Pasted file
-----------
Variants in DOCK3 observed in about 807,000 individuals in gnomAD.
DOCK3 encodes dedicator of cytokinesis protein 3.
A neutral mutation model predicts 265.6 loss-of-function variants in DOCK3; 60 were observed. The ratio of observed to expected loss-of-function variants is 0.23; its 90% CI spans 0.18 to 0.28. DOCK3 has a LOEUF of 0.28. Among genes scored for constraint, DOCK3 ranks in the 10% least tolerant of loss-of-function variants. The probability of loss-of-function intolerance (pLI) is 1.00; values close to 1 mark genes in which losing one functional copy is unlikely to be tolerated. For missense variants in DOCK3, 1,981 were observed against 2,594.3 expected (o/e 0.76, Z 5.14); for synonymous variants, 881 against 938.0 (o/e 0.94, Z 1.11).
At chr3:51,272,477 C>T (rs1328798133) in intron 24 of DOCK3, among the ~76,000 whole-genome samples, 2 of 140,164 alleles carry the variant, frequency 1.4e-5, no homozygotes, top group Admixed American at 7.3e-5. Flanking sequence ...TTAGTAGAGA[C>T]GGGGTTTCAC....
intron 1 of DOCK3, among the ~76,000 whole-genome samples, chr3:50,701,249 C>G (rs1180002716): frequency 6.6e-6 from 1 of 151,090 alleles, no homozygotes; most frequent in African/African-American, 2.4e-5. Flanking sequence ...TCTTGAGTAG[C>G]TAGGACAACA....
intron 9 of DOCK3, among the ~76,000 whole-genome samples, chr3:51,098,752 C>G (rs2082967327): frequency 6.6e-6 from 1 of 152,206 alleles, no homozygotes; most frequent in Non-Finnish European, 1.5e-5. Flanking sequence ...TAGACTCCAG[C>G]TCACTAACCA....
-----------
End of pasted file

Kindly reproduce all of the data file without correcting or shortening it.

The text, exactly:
Variants in DOCK3 observed in about 807,000 individuals in gnomAD.
DOCK3 encodes dedicator of cytokinesis protein 3.
A neutral mutation model predicts 265.6 loss-of-function variants in DOCK3; 60 were observed. The ratio of observed to expected loss-of-function variants is 0.23; its 90% CI spans 0.18 to 0.28. DOCK3 has a LOEUF of 0.28. Among genes scored for constraint, DOCK3 ranks in the 10% least tolerant of loss-of-function variants. The probability of loss-of-function intolerance (pLI) is 1.00; values close to 1 mark genes in which losing one functional copy is unlikely to be tolerated. For missense variants in DOCK3, 1,981 were observed against 2,594.3 expected (o/e 0.76, Z 5.14); for synonymous variants, 881 against 938.0 (o/e 0.94, Z 1.11).
At chr3:51,272,477 C>T (rs1328798133) in intron 24 of DOCK3, among the ~76,000 whole-genome samples, 2 of 140,164 alleles carry the variant, frequency 1.4e-5, no homozygotes, top group Admixed American at 7.3e-5. Flanking sequence ...TTAGTAGAGA[C>T]GGGGTTTCAC....
intron 1 of DOCK3, among the ~76,000 whole-genome samples, chr3:50,701,249 C>G (rs1180002716): frequency 6.6e-6 from 1 of 151,090 alleles, no homozygotes; most frequent in African/African-American, 2.4e-5. Flanking sequence ...TCTTGAGTAG[C>G]TAGGACAACA....
intron 9 of DOCK3, among the ~76,000 whole-genome samples, chr3:51,098,752 C>G (rs2082967327): frequency 6.6e-6 from 1 of 152,206 alleles, no homozygotes; most frequent in Non-Finnish European, 1.5e-5. Flanking sequence ...TAGACTCCAG[C>G]TCACTAACCA....